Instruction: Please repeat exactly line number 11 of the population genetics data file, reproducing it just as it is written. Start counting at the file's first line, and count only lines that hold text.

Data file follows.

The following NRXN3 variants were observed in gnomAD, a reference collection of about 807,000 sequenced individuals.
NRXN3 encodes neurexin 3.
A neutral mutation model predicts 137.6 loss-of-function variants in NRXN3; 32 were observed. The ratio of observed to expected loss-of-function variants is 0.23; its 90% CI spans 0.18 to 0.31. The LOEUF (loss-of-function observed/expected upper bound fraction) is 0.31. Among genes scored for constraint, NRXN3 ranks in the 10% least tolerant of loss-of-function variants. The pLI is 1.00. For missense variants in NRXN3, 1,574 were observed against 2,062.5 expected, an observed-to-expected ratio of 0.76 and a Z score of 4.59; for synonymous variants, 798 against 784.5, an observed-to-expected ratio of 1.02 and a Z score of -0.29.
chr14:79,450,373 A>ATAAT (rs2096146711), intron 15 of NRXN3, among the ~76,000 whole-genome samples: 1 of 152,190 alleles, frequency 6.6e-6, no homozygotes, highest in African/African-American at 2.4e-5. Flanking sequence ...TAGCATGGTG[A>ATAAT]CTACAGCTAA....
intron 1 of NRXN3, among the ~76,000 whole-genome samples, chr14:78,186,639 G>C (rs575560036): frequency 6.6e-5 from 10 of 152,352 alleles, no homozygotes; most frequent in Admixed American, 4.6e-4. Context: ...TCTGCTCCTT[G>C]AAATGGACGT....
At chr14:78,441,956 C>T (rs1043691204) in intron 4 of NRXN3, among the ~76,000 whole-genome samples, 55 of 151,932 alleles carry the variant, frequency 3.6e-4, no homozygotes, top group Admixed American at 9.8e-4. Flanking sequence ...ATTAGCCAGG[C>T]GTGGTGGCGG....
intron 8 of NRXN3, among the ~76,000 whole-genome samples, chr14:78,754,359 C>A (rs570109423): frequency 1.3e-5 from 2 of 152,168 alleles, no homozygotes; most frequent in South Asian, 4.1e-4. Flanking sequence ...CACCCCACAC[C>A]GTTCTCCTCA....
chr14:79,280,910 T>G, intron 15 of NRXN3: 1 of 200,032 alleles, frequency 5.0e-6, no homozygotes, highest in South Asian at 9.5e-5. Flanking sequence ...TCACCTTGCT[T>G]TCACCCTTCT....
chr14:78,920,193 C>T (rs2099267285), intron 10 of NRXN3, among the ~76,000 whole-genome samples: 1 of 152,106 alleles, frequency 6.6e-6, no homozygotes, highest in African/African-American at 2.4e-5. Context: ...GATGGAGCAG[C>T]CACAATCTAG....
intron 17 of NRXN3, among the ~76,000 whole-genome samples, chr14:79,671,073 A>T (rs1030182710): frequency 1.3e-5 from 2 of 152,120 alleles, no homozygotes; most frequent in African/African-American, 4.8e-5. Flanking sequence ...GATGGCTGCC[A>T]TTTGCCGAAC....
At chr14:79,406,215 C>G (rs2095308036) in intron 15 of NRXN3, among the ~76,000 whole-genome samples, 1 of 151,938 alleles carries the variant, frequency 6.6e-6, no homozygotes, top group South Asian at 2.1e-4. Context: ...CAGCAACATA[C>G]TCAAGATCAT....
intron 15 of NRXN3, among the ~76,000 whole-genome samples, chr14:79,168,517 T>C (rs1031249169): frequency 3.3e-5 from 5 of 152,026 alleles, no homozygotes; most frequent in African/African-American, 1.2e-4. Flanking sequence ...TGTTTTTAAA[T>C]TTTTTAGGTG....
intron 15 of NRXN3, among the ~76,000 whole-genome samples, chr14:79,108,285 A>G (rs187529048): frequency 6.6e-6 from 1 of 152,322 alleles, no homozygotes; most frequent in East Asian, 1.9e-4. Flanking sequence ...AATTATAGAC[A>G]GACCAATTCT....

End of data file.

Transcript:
At chr14:79,406,215 C>G (rs2095308036) in intron 15 of NRXN3, among the ~76,000 whole-genome samples, 1 of 151,938 alleles carries the variant, frequency 6.6e-6, no homozygotes, top group South Asian at 2.1e-4. Context: ...CAGCAACATA[C>G]TCAAGATCAT....